Can a ‘non-tech’ make it in a tech start-up world?

Can a ‘non-tech’ make it in a tech start-up world?

Let’s say you’re a HR manager; maybe you even are a HR manager – even better.

You’re sitting at your desk, it’s 2.30PM on a Tuesday. You’re sipping a lukewarm coffee and considering the same problem you’ve had all week. ‘Why is it so hard to replace Dave from software design?’ I mean, okay – you don’t really understand what he did, but there must be other people out there who have the same qualifications.

The last person Natalie from Jobs ‘R’ Us sent over was technically able to do Dave’s job but was he didn’t really fit into the company culture and failed to hit targets… Six months’ salary and training time down the drain; not even mentioning 20% fee for Nat. Then you make an executive decision – getting yourself a fresh cup of coffee and staring into the distance for a while, you begin to psych yourself up. The next time Natalie from Jobs ‘R’Us sends over a candidate you won’t just briefly glance at their CV and LinkedIn. You’ll check their Facebook, Twitter, Snapchat, google their name.  Screw it, you’ll credit check and CRB them if you have to, run the whole nine yards; really put aside an afternoon and get to know this person before even glancing at their CV.  No mistakes this time, not one.

Then you notice the 10 million unread emails in your inbox, you get to work and before you know it it’s 2.30PM on a Wednesday and your coffee’s gone cold again.

‘What the hell?!’, you think to yourself. The information is all out there! There must be a way to get it all together in some techy, data extracting app-y way.

‘Ahh well…’ you think, the new person Natalie has sent over looks good, she’ll probably be the one anyway. Besides who knows how to do all that tech stuff?!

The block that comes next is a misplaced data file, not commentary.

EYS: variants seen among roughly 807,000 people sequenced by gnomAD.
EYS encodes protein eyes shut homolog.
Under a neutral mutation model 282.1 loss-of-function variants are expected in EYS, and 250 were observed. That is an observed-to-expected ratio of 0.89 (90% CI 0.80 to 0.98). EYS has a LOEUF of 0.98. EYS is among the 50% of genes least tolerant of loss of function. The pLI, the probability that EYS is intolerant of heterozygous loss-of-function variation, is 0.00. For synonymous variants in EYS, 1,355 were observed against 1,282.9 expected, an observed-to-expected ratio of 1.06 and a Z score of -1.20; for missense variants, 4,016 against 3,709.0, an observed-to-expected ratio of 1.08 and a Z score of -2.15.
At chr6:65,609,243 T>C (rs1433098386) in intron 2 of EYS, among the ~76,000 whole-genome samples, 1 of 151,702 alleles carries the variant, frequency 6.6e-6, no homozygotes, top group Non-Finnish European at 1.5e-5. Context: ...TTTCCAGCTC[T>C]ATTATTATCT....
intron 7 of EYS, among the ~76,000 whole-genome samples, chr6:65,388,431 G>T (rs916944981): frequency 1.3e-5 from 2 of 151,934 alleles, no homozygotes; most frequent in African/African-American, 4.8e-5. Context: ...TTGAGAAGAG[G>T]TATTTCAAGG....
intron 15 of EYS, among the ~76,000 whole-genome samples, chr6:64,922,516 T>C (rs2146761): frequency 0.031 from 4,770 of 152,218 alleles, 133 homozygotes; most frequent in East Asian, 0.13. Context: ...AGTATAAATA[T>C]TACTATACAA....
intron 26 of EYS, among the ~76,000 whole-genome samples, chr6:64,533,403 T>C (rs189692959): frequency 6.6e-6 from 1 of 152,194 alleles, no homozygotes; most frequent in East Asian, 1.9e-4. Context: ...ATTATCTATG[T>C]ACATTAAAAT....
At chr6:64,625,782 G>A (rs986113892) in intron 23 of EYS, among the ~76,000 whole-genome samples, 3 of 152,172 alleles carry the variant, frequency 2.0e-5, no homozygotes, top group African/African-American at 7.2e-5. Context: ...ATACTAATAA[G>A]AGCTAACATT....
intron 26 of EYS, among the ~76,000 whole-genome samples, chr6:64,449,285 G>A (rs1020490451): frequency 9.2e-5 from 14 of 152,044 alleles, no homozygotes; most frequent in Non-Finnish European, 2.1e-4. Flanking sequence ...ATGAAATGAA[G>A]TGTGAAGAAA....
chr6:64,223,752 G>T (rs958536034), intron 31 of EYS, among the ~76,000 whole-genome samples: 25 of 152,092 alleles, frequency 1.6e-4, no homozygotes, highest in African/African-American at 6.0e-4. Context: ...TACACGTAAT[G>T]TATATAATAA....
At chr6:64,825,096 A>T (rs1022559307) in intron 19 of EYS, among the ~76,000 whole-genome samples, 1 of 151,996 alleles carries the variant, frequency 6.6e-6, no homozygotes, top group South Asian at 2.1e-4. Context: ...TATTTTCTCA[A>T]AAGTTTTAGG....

The dream dies, you drink the cold coffee, the day carries on.

Luckily, there are quite a few people who don’t give up that easy. 

How many times in your life have you heard somebody pitch the idea for an app or technology to you, only to have them end it “How cool would that be”?  Or “It would be great if somebody made that”. Well it’s time to end the myth that you need to be the next Mark Zuckerberg, coding furiously in a darkened room for 20 hours straight, speaking and looking like a zombie covered in an algorithm slime, to run a successful tech company. The key to a successful start-up is, and has always been: find a problem – solve it. No coding required. Don’t believe me? Have a look at these tech-less wonders. Each one of them thriving in a tech marketplace without so much as a single megabyte of app development, coding languages or technology experience between them.

Coffee Meets Bagel, Arum, Dawoon, and Soo Kang

A dating app, founded by three sisters in their mid-twenties which focuses on the quality and safety of matches. Unlike it’s competitors, it’s dating algorithm matches people with mutual friends on social media and tilts the balance of control to the women, by giving them the final like or pass choice for a date.  Arum Kang, CEO and co-founder states “The online dating industry has always had difficulty attracting and retaining women…The key to winning this market and expanding the size of the pie is winning over women and we have figured that out at Coffee Meets Bagel.”